There are plenty of reasons to cheer the elevation of Ariel Investments President Mellody Hobson to chair of the Economic Club of Chicago, one of the most prestigious business leadership organizations in the nation.

For one thing, Hobson is among the city’s highest-profile executives, managing a solid investment business while becoming a regular television commentator as well as a philanthropist, giving millions of dollars to After School Matters. Another cause for celebration: When Hobson, 48, takes the club’s top spot from Ingredion CEO Ilene Gordon in July, it will be the first time the baton of leadership will pass from one woman’s hand to another’s. And she will be the second African-American to lead the Economic Club, following in the footsteps of her boss, Ariel CEO John Rogers Jr., who became the first African-American to lead the invitation-only club in 2009.

Diversity makes organizations stronger. Most executives understand this intuitively, but a recent McKinsey study also identified a financial benefit. Call it the diversity dividend: Companies in the top quartile for gender or racial and ethnic diversity are more likely to generate financial returns above their national industry medians—15 percent more in the case of companies with more women, and 35 percent more in the case of those that are less, well, monochromatic.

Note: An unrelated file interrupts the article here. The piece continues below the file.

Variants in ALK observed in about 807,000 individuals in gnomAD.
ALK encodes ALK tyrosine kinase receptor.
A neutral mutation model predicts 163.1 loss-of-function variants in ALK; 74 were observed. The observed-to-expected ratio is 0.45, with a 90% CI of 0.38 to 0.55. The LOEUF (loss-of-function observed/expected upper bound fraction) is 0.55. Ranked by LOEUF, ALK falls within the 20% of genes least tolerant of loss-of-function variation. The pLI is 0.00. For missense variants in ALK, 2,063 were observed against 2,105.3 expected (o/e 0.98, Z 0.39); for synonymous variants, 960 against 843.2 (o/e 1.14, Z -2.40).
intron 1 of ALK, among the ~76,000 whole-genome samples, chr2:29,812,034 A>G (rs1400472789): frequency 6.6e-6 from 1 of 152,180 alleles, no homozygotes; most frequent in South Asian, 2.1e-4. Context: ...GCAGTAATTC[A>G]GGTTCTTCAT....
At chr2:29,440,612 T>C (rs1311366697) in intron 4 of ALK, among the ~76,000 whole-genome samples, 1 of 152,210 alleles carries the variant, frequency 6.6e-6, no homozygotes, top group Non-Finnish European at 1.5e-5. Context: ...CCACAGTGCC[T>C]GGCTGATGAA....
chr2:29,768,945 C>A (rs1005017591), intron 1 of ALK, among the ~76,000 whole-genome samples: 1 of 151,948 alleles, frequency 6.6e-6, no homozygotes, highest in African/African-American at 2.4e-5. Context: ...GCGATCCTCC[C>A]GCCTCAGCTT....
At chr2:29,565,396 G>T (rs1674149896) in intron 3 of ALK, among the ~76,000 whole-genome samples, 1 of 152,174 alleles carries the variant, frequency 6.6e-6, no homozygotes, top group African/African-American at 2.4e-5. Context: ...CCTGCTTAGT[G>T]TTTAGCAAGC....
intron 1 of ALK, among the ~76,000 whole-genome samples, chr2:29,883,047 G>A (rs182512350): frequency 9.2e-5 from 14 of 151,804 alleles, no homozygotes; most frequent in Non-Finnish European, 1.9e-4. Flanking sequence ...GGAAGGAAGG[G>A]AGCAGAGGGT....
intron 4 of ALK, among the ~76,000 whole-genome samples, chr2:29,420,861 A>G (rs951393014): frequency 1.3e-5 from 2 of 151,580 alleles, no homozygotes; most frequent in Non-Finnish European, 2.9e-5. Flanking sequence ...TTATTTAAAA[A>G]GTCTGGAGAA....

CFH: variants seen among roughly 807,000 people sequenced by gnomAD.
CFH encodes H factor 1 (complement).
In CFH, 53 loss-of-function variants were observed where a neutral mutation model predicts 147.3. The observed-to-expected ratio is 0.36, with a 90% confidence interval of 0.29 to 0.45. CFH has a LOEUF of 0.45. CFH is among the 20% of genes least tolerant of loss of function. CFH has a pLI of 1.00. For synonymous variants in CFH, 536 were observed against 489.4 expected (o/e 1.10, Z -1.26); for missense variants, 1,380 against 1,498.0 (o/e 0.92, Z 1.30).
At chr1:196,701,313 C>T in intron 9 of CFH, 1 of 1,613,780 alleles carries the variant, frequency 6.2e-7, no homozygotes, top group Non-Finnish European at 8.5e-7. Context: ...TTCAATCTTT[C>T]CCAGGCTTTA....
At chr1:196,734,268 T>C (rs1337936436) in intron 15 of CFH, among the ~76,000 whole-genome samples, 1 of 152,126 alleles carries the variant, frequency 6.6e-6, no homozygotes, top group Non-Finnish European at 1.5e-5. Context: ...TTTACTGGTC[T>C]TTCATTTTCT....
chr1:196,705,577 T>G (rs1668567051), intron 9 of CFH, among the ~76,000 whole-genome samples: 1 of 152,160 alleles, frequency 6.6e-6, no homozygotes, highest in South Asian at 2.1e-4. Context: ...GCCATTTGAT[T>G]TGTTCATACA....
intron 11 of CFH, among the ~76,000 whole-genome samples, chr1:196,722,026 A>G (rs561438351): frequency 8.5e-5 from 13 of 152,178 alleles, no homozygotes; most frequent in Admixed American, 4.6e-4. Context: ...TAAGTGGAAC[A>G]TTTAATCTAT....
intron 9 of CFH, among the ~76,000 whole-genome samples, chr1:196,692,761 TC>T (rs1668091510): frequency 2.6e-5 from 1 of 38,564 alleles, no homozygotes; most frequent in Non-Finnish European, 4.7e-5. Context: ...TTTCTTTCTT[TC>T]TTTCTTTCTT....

The Economic Club is a nonprofit, of course, but the value of promoting talent regardless of race or gender still applies. When capable people are recognized and included, we all win. The Economic Club exists to bring business leadership to bear and to foster dialogue on the most important economic and social problems facing our city. And for most of its 90-year history—starting with Lucius Teter in 1927 right up until William Daley’s 2007-09 tenure—that conversation was led by white men. It’s well past time to let a black woman set the agenda.

 While Hobson’s new role reflects how far Chicago’s business leadership has come, it underscores just how far it has to go. That the only two African-Americans to lead the club happen to come from the same company speaks volumes about the need to mentor, promote and cultivate the next generation of black executive talent in this city. That’s a challenge for every Economic Club member, regardless of whether they occupy the chair’s seat.

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